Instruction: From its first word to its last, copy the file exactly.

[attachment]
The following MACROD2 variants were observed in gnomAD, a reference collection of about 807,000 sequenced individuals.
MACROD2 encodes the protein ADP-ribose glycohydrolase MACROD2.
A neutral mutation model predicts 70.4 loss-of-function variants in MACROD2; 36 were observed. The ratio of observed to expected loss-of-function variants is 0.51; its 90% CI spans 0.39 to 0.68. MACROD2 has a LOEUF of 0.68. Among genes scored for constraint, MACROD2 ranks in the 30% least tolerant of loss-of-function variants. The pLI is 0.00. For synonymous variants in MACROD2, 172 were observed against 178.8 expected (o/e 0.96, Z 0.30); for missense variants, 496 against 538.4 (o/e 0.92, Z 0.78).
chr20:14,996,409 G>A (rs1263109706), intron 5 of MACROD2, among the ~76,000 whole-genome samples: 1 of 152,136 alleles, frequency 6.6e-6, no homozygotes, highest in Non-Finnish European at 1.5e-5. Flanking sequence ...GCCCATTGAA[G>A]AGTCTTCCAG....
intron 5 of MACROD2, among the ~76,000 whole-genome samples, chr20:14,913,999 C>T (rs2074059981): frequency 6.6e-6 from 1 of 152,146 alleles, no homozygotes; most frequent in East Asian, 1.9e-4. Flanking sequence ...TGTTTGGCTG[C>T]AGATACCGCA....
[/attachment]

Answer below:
The following MACROD2 variants were observed in gnomAD, a reference collection of about 807,000 sequenced individuals.
MACROD2 encodes the protein ADP-ribose glycohydrolase MACROD2.
A neutral mutation model predicts 70.4 loss-of-function variants in MACROD2; 36 were observed. The ratio of observed to expected loss-of-function variants is 0.51; its 90% CI spans 0.39 to 0.68. MACROD2 has a LOEUF of 0.68. Among genes scored for constraint, MACROD2 ranks in the 30% least tolerant of loss-of-function variants. The pLI is 0.00. For synonymous variants in MACROD2, 172 were observed against 178.8 expected (o/e 0.96, Z 0.30); for missense variants, 496 against 538.4 (o/e 0.92, Z 0.78).
chr20:14,996,409 G>A (rs1263109706), intron 5 of MACROD2, among the ~76,000 whole-genome samples: 1 of 152,136 alleles, frequency 6.6e-6, no homozygotes, highest in Non-Finnish European at 1.5e-5. Flanking sequence ...GCCCATTGAA[G>A]AGTCTTCCAG....
intron 5 of MACROD2, among the ~76,000 whole-genome samples, chr20:14,913,999 C>T (rs2074059981): frequency 6.6e-6 from 1 of 152,146 alleles, no homozygotes; most frequent in East Asian, 1.9e-4. Flanking sequence ...TGTTTGGCTG[C>T]AGATACCGCA....